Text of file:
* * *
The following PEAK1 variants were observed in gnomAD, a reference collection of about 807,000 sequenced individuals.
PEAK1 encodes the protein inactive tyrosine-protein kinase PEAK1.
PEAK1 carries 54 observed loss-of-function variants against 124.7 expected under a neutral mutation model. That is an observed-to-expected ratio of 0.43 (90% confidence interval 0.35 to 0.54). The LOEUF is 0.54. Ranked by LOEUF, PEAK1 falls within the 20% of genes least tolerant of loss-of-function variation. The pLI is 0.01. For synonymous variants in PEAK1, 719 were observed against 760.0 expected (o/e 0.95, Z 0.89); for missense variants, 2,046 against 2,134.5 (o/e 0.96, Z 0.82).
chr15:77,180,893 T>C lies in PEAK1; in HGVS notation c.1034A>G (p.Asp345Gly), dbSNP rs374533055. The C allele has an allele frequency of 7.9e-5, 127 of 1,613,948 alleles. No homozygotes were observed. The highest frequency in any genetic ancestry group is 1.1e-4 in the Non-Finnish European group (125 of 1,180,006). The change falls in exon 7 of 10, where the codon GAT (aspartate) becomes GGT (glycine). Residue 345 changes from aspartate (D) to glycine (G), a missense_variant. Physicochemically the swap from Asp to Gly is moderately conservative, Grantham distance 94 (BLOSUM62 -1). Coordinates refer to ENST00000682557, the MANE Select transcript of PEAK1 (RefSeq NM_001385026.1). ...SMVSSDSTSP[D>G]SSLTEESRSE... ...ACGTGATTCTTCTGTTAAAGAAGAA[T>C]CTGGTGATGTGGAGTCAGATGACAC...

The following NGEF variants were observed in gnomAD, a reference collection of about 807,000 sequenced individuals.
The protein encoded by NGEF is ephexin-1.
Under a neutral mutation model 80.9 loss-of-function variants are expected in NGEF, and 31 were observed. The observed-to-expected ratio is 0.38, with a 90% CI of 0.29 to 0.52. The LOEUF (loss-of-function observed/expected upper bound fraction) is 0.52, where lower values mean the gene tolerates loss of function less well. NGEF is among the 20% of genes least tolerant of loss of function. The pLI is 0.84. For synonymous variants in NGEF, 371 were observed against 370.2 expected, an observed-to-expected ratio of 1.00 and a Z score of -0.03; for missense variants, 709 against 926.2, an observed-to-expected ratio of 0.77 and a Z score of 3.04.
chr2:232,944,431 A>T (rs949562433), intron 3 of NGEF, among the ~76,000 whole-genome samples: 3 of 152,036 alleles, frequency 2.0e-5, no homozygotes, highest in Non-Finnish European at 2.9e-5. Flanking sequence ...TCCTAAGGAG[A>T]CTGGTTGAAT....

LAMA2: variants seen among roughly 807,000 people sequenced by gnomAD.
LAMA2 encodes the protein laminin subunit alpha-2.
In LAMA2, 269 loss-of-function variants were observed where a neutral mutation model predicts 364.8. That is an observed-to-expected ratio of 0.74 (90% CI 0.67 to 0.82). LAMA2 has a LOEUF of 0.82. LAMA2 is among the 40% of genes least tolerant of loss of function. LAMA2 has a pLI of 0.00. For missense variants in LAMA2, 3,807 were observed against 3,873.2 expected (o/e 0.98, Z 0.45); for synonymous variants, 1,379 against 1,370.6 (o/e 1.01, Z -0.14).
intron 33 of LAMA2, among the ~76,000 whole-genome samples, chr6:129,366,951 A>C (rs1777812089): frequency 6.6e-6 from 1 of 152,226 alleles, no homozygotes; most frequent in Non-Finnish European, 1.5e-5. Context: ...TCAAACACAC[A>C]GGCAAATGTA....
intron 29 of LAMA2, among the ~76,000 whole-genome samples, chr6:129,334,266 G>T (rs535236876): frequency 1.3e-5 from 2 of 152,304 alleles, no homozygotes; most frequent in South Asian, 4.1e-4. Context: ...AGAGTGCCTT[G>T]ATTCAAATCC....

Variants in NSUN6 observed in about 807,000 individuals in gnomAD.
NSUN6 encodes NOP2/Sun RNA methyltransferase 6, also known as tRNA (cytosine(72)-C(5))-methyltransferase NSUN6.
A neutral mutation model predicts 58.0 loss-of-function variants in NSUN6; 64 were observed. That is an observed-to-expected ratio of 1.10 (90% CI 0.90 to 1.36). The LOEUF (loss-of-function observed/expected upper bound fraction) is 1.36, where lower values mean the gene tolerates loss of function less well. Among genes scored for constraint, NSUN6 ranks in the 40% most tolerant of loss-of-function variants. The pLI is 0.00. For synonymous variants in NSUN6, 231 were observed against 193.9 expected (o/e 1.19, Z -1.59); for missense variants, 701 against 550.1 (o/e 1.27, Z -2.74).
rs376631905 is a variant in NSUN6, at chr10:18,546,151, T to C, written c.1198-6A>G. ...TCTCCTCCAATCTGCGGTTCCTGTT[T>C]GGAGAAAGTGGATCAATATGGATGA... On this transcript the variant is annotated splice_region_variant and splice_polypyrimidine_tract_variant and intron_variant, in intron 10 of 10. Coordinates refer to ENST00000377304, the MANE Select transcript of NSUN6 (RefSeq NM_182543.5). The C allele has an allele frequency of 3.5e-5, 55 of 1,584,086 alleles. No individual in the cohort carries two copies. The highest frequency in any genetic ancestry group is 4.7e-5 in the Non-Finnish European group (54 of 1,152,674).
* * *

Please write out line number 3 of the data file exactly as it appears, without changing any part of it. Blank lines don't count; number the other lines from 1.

PEAK1 carries 54 observed loss-of-function variants against 124.7 expected under a neutral mutation model. That is an observed-to-expected ratio of 0.43 (90% confidence interval 0.35 to 0.54). The LOEUF is 0.54. Ranked by LOEUF, PEAK1 falls within the 20% of genes least tolerant of loss-of-function variation. The pLI is 0.01. For synonymous variants in PEAK1, 719 were observed against 760.0 expected (o/e 0.95, Z 0.89); for missense variants, 2,046 against 2,134.5 (o/e 0.96, Z 0.82).